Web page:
Common fleabane is, well…common. Here in southwestern Ohio, the plant is both widespread and prevalent. No matter where you live, you don't have to look far to find a clump or two. Which doesn't mean common fleabane isn't worth searching out and examining.
I suppose the appellation fleabane doesn't help, though most folks merely give it a passing glance and immediately relegate the plant to being "one of those boring white, daisy-like composites you find everywhere." More weed than wildflower. Asking the plant's name implies a degree of interest greater than is typically mustered. Most won't walk over and take a closer look. A shame, because I think the flowers are quite lovely.
One interesting note regarding these blooms…what many call the flowers are really flower clusters or heads. Common fleabane actually has two kinds of flowers—the tiny trumpet-like disc flowers which make the yellow center button, and the 100-150 long, single-petal ray flowers in white or pinkish-tinge.
Common fleabane, Erigeron philadelphicus, is the earliest-blooming of the fleabanes hereabouts. They're also the first to fade and go to seed; many have already finished for the season. By contrast, the quite similar daisy fleabane will soon appear and continue blooming until frost.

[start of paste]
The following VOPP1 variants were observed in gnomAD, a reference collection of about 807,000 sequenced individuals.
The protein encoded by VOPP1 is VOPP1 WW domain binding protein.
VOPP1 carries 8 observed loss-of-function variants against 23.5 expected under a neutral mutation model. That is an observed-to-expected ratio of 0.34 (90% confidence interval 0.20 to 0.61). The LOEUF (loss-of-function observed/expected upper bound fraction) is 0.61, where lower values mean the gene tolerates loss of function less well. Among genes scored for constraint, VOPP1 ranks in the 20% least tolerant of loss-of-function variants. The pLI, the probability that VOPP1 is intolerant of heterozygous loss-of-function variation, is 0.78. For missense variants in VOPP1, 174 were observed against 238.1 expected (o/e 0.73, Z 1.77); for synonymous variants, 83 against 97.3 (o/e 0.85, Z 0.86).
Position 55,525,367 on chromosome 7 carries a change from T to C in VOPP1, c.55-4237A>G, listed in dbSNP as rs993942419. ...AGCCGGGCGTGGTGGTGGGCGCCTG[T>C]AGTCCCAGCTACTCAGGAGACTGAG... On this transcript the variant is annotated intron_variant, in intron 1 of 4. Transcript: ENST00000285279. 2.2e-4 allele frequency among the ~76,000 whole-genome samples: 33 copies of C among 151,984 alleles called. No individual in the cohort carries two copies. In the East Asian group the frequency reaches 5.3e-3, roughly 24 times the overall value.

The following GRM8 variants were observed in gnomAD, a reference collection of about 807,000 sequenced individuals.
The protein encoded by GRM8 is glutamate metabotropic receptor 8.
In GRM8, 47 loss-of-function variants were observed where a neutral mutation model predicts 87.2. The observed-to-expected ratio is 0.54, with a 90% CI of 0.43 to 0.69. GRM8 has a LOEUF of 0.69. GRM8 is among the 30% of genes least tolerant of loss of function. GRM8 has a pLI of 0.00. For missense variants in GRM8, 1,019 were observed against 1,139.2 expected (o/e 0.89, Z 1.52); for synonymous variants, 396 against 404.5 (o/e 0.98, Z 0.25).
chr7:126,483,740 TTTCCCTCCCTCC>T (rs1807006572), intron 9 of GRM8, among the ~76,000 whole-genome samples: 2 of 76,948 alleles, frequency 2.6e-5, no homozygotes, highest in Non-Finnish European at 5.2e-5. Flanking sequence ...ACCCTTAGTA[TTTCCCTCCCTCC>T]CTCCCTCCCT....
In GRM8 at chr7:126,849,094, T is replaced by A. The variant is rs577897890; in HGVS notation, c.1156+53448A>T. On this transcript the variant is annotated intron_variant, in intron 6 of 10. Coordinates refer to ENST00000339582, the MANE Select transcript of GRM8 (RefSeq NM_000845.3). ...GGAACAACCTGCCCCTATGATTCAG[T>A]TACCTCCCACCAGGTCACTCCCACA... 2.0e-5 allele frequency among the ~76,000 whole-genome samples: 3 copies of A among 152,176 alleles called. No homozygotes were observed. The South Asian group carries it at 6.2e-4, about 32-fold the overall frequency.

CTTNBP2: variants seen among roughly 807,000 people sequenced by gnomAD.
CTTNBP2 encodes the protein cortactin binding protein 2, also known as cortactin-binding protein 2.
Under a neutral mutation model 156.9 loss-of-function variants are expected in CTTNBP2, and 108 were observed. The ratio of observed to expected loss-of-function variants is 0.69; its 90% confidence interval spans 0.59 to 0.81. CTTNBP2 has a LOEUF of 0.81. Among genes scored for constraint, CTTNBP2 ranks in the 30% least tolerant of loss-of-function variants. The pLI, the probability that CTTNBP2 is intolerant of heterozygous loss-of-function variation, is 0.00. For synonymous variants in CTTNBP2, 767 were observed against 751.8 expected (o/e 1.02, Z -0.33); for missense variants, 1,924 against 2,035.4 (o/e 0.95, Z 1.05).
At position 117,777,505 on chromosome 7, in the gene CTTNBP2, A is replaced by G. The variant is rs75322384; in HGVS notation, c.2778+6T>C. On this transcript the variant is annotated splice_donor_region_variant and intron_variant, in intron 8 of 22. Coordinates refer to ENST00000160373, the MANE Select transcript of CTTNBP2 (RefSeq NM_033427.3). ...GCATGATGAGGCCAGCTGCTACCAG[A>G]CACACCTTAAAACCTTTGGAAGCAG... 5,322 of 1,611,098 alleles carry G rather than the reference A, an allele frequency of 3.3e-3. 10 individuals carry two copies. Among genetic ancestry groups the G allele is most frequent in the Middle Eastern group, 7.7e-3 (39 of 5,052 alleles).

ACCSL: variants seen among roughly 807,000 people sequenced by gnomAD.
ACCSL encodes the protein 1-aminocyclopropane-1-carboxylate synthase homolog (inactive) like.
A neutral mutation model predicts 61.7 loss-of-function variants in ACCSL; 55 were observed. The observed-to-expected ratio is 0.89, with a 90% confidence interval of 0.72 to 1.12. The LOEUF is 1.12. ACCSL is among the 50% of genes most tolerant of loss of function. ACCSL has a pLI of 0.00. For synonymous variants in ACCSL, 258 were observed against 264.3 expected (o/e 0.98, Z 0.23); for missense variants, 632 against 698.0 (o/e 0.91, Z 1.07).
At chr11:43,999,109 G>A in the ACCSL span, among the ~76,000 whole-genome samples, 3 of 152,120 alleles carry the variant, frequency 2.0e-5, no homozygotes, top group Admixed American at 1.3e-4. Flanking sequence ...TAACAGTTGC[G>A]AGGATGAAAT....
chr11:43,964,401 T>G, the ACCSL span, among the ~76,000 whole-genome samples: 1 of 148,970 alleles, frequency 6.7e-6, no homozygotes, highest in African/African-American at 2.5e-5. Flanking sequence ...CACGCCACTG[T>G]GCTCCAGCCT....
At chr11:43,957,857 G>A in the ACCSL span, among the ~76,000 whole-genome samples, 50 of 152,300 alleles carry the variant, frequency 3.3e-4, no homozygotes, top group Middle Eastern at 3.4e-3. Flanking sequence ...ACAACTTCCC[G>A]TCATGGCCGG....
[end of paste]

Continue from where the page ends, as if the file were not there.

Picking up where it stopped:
The genus name, Erigeron, may come from the Greek, eri, meaning "early," and geron, "old man." This name, "early old man," would thus reflect the fact common fleabane ages quickly. Others claim the first part of Erigeron comes from the Greek erio, meaning "wooly," so you end up with "wooly old man," possibly referring to the rather fuzzy fruiting head. As to the various fleabanes having any effect when it comes to poisoning or repelling fleas, historical nomenclature aside, there's no evidence whatsoever the plant works on men or dogs.
I always keep a few clumps of common fleabane growing around the house. The other day, a visitor gushed about their beauty. "Yes," I replied, "you could say they're uncommonly pretty."